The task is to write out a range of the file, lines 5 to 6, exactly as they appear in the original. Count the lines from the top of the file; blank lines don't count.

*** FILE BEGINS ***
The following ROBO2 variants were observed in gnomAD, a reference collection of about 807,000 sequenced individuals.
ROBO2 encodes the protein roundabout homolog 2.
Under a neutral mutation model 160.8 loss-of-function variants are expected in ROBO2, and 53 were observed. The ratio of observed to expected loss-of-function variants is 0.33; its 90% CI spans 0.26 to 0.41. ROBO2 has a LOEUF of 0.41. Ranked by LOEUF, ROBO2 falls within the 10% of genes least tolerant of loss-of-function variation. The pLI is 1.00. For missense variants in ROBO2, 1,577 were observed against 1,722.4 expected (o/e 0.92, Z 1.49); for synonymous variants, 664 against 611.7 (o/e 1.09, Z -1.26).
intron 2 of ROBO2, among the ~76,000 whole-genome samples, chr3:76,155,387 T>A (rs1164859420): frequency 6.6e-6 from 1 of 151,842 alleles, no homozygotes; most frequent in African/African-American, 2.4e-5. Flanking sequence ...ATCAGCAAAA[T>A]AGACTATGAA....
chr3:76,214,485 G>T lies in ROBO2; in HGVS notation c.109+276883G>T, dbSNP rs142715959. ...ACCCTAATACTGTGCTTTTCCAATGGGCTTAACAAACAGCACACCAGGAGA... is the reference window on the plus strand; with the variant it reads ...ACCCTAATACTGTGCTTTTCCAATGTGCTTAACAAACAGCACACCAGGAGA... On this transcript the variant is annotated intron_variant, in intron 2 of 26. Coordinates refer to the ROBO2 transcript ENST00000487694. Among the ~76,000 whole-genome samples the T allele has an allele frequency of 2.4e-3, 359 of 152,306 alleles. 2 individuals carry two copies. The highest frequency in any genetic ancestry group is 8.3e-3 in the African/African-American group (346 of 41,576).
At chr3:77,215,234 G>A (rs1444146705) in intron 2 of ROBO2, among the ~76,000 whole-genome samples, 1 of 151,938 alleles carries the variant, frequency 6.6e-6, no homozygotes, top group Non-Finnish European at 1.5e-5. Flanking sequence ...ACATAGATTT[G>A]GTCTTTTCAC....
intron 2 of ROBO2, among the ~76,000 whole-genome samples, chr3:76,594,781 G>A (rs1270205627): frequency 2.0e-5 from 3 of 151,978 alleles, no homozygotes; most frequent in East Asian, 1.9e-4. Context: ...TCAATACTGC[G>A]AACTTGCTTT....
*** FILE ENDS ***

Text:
chr3:76,214,485 G>T lies in ROBO2; in HGVS notation c.109+276883G>T, dbSNP rs142715959. ...ACCCTAATACTGTGCTTTTCCAATGGGCTTAACAAACAGCACACCAGGAGA... is the reference window on the plus strand; with the variant it reads ...ACCCTAATACTGTGCTTTTCCAATGTGCTTAACAAACAGCACACCAGGAGA... On this transcript the variant is annotated intron_variant, in intron 2 of 26. Coordinates refer to the ROBO2 transcript ENST00000487694. Among the ~76,000 whole-genome samples the T allele has an allele frequency of 2.4e-3, 359 of 152,306 alleles. 2 individuals carry two copies. The highest frequency in any genetic ancestry group is 8.3e-3 in the African/African-American group (346 of 41,576).
At chr3:77,215,234 G>A (rs1444146705) in intron 2 of ROBO2, among the ~76,000 whole-genome samples, 1 of 151,938 alleles carries the variant, frequency 6.6e-6, no homozygotes, top group Non-Finnish European at 1.5e-5. Flanking sequence ...ACATAGATTT[G>A]GTCTTTTCAC....